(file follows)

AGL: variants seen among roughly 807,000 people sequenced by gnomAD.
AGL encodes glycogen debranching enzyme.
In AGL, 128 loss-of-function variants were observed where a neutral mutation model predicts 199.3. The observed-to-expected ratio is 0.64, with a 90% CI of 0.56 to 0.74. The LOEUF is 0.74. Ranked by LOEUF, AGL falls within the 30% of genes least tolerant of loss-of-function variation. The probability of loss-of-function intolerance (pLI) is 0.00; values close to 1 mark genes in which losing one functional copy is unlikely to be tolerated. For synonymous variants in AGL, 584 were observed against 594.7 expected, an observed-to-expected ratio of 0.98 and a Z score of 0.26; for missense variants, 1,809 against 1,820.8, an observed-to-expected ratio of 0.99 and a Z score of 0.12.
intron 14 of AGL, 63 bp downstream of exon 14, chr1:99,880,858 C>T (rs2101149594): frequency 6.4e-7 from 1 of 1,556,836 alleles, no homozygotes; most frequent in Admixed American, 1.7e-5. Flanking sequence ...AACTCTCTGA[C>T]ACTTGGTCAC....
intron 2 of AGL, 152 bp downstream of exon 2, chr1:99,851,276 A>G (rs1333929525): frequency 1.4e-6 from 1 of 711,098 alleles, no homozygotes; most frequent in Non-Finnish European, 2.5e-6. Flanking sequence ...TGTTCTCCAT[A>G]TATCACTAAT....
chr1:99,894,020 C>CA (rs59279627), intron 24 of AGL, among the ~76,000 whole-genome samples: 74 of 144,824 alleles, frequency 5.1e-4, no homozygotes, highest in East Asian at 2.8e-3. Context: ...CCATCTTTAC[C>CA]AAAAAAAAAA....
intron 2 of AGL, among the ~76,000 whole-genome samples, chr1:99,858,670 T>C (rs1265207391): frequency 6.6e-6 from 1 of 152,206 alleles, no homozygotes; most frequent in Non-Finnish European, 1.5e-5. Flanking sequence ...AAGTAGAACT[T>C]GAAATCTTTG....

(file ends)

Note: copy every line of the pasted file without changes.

AGL: variants seen among roughly 807,000 people sequenced by gnomAD.
AGL encodes glycogen debranching enzyme.
In AGL, 128 loss-of-function variants were observed where a neutral mutation model predicts 199.3. The observed-to-expected ratio is 0.64, with a 90% CI of 0.56 to 0.74. The LOEUF is 0.74. Ranked by LOEUF, AGL falls within the 30% of genes least tolerant of loss-of-function variation. The probability of loss-of-function intolerance (pLI) is 0.00; values close to 1 mark genes in which losing one functional copy is unlikely to be tolerated. For synonymous variants in AGL, 584 were observed against 594.7 expected, an observed-to-expected ratio of 0.98 and a Z score of 0.26; for missense variants, 1,809 against 1,820.8, an observed-to-expected ratio of 0.99 and a Z score of 0.12.
intron 14 of AGL, 63 bp downstream of exon 14, chr1:99,880,858 C>T (rs2101149594): frequency 6.4e-7 from 1 of 1,556,836 alleles, no homozygotes; most frequent in Admixed American, 1.7e-5. Flanking sequence ...AACTCTCTGA[C>T]ACTTGGTCAC....
intron 2 of AGL, 152 bp downstream of exon 2, chr1:99,851,276 A>G (rs1333929525): frequency 1.4e-6 from 1 of 711,098 alleles, no homozygotes; most frequent in Non-Finnish European, 2.5e-6. Flanking sequence ...TGTTCTCCAT[A>G]TATCACTAAT....
chr1:99,894,020 C>CA (rs59279627), intron 24 of AGL, among the ~76,000 whole-genome samples: 74 of 144,824 alleles, frequency 5.1e-4, no homozygotes, highest in East Asian at 2.8e-3. Context: ...CCATCTTTAC[C>CA]AAAAAAAAAA....
intron 2 of AGL, among the ~76,000 whole-genome samples, chr1:99,858,670 T>C (rs1265207391): frequency 6.6e-6 from 1 of 152,206 alleles, no homozygotes; most frequent in Non-Finnish European, 1.5e-5. Flanking sequence ...AAGTAGAACT[T>C]GAAATCTTTG....